A row between Northern Ireland's parties, as well as the Irish government, has erupted after Edwin Poots claimed he could legally stop the checks that have been going on since 2021.
Northern Ireland's agriculture minister has issued an order to halt all post-Brexit checks on food and farming products coming from the rest of the UK.
The agri-food checks at Northern Ireland's ports are required under the terms of the Northern Ireland Protocol, which is designed to avoid the introduction of a hard border between Ireland and Northern Ireland.
Edwin Poots, former leader of the Democratic Unionist Party (DUP), said he will seek an agreement from the power-sharing government on a way forward in the near future.
He said he made the decision based on legal advice but Sinn Fein, the party the DUP shares power with, said it was unlawful and "a stunt".
The Irish government said halting checks would effectively be a breach of international law.
It is unclear whether the senior civil servant in Mr Poots' department, Anthony Harbinson, will comply with the order and it may only become clear once the first ferries arrive at ports on Thursday morning.
Speaking at Northern Ireland's assembly, Mr Poots, whose party opposes the protocol, said: "I have taken legal advice in relation to my position from senior counsel. Earlier today, I received that legal advice.
"The advice concluded that I can direct the checks to cease in the absence of Executive approval."
Westminster refuses to intervene
The UK and the EU have been in talks for months to change the protocol that has effectively created a border in the Irish Sea, angering the pro-British DUP.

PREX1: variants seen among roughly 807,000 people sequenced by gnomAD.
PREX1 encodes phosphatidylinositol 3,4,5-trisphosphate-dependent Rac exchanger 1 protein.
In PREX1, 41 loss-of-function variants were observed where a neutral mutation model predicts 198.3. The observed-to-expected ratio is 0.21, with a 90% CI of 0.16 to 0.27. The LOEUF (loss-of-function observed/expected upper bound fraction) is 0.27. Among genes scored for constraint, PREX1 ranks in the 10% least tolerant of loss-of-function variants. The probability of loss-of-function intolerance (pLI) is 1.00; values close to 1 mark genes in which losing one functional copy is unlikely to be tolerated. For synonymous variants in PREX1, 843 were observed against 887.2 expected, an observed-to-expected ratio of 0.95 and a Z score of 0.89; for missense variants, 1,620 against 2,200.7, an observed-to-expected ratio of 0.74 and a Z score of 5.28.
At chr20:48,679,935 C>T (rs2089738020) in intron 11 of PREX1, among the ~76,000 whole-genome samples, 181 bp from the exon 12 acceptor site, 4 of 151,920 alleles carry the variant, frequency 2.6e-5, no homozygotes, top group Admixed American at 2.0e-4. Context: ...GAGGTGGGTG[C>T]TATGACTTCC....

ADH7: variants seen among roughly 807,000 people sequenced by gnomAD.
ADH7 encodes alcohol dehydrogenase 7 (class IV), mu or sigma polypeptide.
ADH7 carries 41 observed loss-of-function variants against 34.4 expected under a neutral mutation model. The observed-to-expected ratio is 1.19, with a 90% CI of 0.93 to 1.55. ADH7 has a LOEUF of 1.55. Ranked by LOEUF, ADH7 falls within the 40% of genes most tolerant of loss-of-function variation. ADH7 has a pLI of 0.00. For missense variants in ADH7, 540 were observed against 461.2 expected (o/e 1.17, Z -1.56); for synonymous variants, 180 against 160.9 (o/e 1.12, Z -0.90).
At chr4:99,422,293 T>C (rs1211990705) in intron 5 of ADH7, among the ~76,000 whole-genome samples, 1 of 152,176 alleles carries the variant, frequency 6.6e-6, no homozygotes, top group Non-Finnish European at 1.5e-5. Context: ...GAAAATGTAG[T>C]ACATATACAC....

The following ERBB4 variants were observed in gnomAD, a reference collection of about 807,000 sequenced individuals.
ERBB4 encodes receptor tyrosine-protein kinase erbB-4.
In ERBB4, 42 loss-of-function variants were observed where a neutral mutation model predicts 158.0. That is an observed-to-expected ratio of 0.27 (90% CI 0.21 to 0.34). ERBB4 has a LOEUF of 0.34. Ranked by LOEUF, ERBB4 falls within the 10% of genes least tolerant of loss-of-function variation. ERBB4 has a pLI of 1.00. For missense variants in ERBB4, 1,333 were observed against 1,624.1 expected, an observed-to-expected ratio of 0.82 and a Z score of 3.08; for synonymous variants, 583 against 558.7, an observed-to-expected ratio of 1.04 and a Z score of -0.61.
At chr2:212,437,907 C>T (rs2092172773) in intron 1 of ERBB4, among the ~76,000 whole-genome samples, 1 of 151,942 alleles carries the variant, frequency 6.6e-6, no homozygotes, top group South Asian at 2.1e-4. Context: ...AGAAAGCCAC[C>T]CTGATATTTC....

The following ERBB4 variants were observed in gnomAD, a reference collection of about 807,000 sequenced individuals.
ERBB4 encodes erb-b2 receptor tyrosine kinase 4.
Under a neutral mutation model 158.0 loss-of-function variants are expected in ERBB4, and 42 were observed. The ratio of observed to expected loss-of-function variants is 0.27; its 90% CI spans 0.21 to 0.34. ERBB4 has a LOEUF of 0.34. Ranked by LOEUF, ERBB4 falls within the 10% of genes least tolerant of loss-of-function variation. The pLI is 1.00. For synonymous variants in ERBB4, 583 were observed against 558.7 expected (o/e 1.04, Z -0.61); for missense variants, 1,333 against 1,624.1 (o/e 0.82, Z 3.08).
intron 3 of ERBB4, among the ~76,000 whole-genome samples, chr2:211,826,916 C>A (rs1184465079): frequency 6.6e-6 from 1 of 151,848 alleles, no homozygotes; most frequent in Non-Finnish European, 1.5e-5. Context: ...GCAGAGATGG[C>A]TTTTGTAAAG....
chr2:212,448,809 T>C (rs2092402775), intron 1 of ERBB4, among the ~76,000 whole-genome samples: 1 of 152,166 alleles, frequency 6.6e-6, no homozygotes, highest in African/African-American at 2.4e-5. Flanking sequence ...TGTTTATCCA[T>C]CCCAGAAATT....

Westminster said it will not intervene with the order to halt checks, saying it was a "matter for the Northern Ireland Executive".
Simon Coveney, Ireland's foreign minister, warned: "If a political decision is taken by a minister in Northern Ireland to stop all checks in ports on goods coming across the Irish Sea that is effectively a breach of international law, and I would remind everybody that the implementation of the protocol is part of international law.
"To deliberately frustrate obligations under that treaty I think would be a very serious matter indeed.
"It is essentially playing politics with legal obligations and I certainly hope that it doesn't happen, as has been threatened and described."
Sinn Fein brands order a 'stunt'
Northern Ireland's deputy first minister Michelle O'Neill, of Sinn Fein which supports the protocol, said: "This stunt is an attempt by the DUP to unlawfully interfere with domestic, and international law.
"DUP fixated on their own priorities, which are clearly at odds with where the wider community is at. Health, Jobs, Housing, Cost of living crisis is where the rest of us are focused."
Last week, British Foreign Secretary and Brexit negotiator Liz Truss said the DUP's threats to halt checks were a matter for the Northern Ireland regional government to resolve, rather than for Westminster to intervene.
Ms Truss is due to speak to European Commission vice-president Maros Sefcovic on Thursday, a government spokesman said.